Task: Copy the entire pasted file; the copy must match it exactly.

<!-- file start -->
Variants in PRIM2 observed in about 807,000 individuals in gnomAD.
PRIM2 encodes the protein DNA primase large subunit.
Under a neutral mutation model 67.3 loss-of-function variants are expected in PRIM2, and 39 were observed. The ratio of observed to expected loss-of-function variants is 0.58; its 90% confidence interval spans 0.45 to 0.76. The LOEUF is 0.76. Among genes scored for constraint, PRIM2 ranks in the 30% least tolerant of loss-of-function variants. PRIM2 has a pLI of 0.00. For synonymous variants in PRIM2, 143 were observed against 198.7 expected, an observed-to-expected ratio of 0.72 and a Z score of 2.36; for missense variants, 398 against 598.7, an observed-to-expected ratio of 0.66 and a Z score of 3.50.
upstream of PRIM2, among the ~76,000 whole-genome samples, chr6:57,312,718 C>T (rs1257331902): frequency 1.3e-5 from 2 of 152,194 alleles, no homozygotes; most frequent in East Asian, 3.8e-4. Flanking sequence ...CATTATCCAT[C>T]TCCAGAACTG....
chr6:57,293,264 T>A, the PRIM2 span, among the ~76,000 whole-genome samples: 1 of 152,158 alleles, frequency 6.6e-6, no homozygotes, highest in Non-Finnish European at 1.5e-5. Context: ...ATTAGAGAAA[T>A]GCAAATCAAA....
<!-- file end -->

Variants in PRIM2 observed in about 807,000 individuals in gnomAD.
PRIM2 encodes the protein DNA primase large subunit.
Under a neutral mutation model 67.3 loss-of-function variants are expected in PRIM2, and 39 were observed. The ratio of observed to expected loss-of-function variants is 0.58; its 90% confidence interval spans 0.45 to 0.76. The LOEUF is 0.76. Among genes scored for constraint, PRIM2 ranks in the 30% least tolerant of loss-of-function variants. PRIM2 has a pLI of 0.00. For synonymous variants in PRIM2, 143 were observed against 198.7 expected, an observed-to-expected ratio of 0.72 and a Z score of 2.36; for missense variants, 398 against 598.7, an observed-to-expected ratio of 0.66 and a Z score of 3.50.
upstream of PRIM2, among the ~76,000 whole-genome samples, chr6:57,312,718 C>T (rs1257331902): frequency 1.3e-5 from 2 of 152,194 alleles, no homozygotes; most frequent in East Asian, 3.8e-4. Flanking sequence ...CATTATCCAT[C>T]TCCAGAACTG....
chr6:57,293,264 T>A, the PRIM2 span, among the ~76,000 whole-genome samples: 1 of 152,158 alleles, frequency 6.6e-6, no homozygotes, highest in Non-Finnish European at 1.5e-5. Context: ...ATTAGAGAAA[T>A]GCAAATCAAA....